Development of Regulated Markets
There are a number of practices, from the exchange to the physical, and to the facilitating functions, which hamper the farmer in getting a just share of the value of their produce. For these reasons a number of legislations for regulating the markets have been passed in different countries of the world.
Since the economic structure of Bangladesh has similarity to a greater extent with that of the countries in Asia and the Far East, we shall here review some of the regulatory programmes in operation in this region. In Japan under the Agriculture and the Forestry Economic Bureau there is the Enterprise and Marketing Section which is responsible for the administration of the “Commodity Exchange Law.” This section supervises the activities of the promoters and wholesalers of fruits and vegetables at wholesale markets and the operation of the grain and sugar exchanges.
In Hongkong, there is the Agricultural Products (Marketing) Ordinance of 1952 which specifies that all locally produced and imported vegetables sold wholesale must pass through the Kowloon Vegetable Markets. Working hours, methods of sale and payment, market charges, etc, are regulated to ensure that farmer would get a fair deal. Sales in the market are all on cash basis and the organisation gets 10% of the sales as service commission.
In China (Taiwan), the wholesale markets for cash, hogs and vegetables are regulated by committees in the major producing and consuming centres. The committees comprise representatives of the city and township Government and the producers’ association concerned. In Ceylon, too, the weekly market fairs which are actually retail and wholesale markets are supervised by the respective local authorities.
The need for the regulation of wholesale markets in undi-vided India originally was thought of when it was desired that available supplies of pure cotton to the Textile Mills in the United Kingdom should be at reasonable prices. For this reason, a special law known as “,The Cotton and Grain Market Law” was enacted in Berar In 1917, the Indian Cotton committee was formed which recommended the regulation of cotton markets along the lines of the Berar markets.
After undertaking marketing investigations, the Indian Royal Commission submitted a report in 1928 which highlighted the defects in the agricultural commodity markets and forwarded recommendations to establish property regulated markets in order to eradicate the defects in the system. In 1931 the Central Banking Enquiry Committee favourably endorsed the recommendations which, as a result, promoted some provinces to enact basic market legislations in the early thirties. Legislation seeking to establish regulated market was enacted by Hyderabad in 1930, the central provinces in 1935,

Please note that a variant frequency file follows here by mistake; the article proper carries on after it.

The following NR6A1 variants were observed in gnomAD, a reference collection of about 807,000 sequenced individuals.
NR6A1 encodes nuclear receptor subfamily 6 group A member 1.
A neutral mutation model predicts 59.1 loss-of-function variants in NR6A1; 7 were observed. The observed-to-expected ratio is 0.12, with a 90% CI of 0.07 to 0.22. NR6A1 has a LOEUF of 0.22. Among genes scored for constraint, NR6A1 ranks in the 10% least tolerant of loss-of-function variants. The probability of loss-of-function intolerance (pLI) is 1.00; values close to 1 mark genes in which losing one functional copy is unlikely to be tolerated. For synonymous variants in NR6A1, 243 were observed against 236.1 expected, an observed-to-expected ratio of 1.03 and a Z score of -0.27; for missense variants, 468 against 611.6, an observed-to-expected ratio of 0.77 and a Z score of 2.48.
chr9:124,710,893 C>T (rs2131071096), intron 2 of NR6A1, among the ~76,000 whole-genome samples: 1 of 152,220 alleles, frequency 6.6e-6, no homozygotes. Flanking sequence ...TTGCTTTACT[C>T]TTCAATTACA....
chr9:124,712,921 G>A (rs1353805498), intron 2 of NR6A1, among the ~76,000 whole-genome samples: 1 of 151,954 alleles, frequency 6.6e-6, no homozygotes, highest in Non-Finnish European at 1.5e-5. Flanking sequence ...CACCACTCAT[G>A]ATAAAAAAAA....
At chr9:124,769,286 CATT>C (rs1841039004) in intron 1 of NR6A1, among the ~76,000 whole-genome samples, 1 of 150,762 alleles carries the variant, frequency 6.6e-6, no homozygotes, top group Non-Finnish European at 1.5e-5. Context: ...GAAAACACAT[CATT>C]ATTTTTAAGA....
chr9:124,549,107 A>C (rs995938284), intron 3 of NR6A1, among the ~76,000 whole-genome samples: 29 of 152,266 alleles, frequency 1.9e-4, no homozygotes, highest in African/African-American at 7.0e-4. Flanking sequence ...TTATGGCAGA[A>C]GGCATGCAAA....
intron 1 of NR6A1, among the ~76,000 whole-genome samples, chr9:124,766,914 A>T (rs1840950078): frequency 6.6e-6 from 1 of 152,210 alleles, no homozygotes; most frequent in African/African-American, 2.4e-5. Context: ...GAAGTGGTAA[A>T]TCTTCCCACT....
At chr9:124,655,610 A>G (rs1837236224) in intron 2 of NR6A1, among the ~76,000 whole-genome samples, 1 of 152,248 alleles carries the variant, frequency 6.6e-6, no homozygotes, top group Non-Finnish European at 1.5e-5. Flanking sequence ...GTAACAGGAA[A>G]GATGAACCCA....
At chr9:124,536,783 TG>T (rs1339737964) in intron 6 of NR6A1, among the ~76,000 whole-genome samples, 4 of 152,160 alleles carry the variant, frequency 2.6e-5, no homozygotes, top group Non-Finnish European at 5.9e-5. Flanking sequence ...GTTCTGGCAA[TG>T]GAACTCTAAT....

Punjab, Bombay and Mysore in 1939, In 1938, a model bill was prepared by the then Central Agricultural Marketing Department which became a pattern for several states in drafting their respective bills. It was after the second world war when the impact of the five year plan in the 1950’s was felt which spurred the pace of market regulation. In the various state Acts of India, they define what are the agricultural produce, which the Acts would apply and they are listed in the schedule attached to the Acts.
The number of commodities notified for regulation varies from 3 to 54. However, fccdgrains are regulated in most of the states. The extension of legislation to fruits ar.d vegetables, livestock and livestock products and tobacco has been limited.
The former East Pakistan Government enforced an Act viz., East Pakistan Agricultural Produce Markets Regulatior Act, 1964, which has been adopted in Bangladesh. Fourteer markets have been regulated here upto 1966. The Act provides for manifold advantages, chief of which are listeC below :—
(i) Market charges are clearly defined and specified anc unauthorised deduCtions prohibited.
(ii) Market practices are regulated.
(iii) Correct weighment is ensured by periodical inspectior and verification of scales and weights.
(iv) Suitable arrangement for the settlement of disputes regarding quality, weighment and deductions prevent litigation, safeguard the interest of the sellers and smoothness of the business.
(v) Licensing of the traders and market functionaries help to control the abusive practices very often indulged in by them.
(vi) The insistence on prompt payment of the value of produce by the buyer considerably helps the poor seller.
(vii) Reliable and up-to-date market information is made available to the users of the market.
(viii) Suitable quality standards and standard contract terms for buying and selling can be conveniently enforced in a regulated market.
(ix) Reliable statistics of arrivals, stocks, prices, etc. can be maintained in a regulated market.
(x) Vai ious facilities and conveniences are provided in regulated markets, such as sheds for the use of sellers and buyers for the sale of produce, .pace for parking carts, water cistern for cattle, storage accommodation for the farm produces.
(xi) Propaganda for agricultural improvement, use of good seed, adoption of improved methods of cultivation, grading of farm produce, can be more conveniently undertaken in the regulated market.